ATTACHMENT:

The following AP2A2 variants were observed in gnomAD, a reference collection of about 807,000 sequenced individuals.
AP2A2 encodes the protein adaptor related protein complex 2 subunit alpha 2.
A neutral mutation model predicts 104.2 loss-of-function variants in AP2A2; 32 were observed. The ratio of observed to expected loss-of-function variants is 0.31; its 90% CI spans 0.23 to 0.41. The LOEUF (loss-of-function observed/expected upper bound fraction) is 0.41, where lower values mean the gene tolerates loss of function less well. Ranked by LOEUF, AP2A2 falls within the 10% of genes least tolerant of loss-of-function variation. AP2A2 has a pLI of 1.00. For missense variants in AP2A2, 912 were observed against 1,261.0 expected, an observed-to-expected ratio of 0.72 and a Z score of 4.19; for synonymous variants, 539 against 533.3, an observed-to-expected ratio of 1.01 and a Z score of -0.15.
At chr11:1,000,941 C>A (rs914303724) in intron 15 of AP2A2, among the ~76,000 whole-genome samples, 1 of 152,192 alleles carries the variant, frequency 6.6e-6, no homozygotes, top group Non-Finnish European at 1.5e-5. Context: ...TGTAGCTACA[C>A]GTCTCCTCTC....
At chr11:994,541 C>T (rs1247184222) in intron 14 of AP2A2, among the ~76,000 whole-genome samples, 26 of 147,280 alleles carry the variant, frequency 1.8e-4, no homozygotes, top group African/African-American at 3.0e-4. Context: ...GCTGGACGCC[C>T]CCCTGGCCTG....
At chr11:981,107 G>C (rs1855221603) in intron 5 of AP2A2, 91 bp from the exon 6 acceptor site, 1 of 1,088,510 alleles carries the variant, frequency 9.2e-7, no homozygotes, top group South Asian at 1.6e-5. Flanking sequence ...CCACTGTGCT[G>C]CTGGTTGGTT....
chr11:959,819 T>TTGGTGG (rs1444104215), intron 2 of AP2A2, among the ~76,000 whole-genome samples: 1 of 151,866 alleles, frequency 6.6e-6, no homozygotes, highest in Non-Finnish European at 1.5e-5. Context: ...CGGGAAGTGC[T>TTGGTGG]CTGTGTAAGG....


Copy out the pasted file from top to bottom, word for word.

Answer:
The following AP2A2 variants were observed in gnomAD, a reference collection of about 807,000 sequenced individuals.
AP2A2 encodes the protein adaptor related protein complex 2 subunit alpha 2.
A neutral mutation model predicts 104.2 loss-of-function variants in AP2A2; 32 were observed. The ratio of observed to expected loss-of-function variants is 0.31; its 90% CI spans 0.23 to 0.41. The LOEUF (loss-of-function observed/expected upper bound fraction) is 0.41, where lower values mean the gene tolerates loss of function less well. Ranked by LOEUF, AP2A2 falls within the 10% of genes least tolerant of loss-of-function variation. AP2A2 has a pLI of 1.00. For missense variants in AP2A2, 912 were observed against 1,261.0 expected, an observed-to-expected ratio of 0.72 and a Z score of 4.19; for synonymous variants, 539 against 533.3, an observed-to-expected ratio of 1.01 and a Z score of -0.15.
At chr11:1,000,941 C>A (rs914303724) in intron 15 of AP2A2, among the ~76,000 whole-genome samples, 1 of 152,192 alleles carries the variant, frequency 6.6e-6, no homozygotes, top group Non-Finnish European at 1.5e-5. Context: ...TGTAGCTACA[C>A]GTCTCCTCTC....
At chr11:994,541 C>T (rs1247184222) in intron 14 of AP2A2, among the ~76,000 whole-genome samples, 26 of 147,280 alleles carry the variant, frequency 1.8e-4, no homozygotes, top group African/African-American at 3.0e-4. Context: ...GCTGGACGCC[C>T]CCCTGGCCTG....
At chr11:981,107 G>C (rs1855221603) in intron 5 of AP2A2, 91 bp from the exon 6 acceptor site, 1 of 1,088,510 alleles carries the variant, frequency 9.2e-7, no homozygotes, top group South Asian at 1.6e-5. Flanking sequence ...CCACTGTGCT[G>C]CTGGTTGGTT....
chr11:959,819 T>TTGGTGG (rs1444104215), intron 2 of AP2A2, among the ~76,000 whole-genome samples: 1 of 151,866 alleles, frequency 6.6e-6, no homozygotes, highest in Non-Finnish European at 1.5e-5. Context: ...CGGGAAGTGC[T>TTGGTGG]CTGTGTAAGG....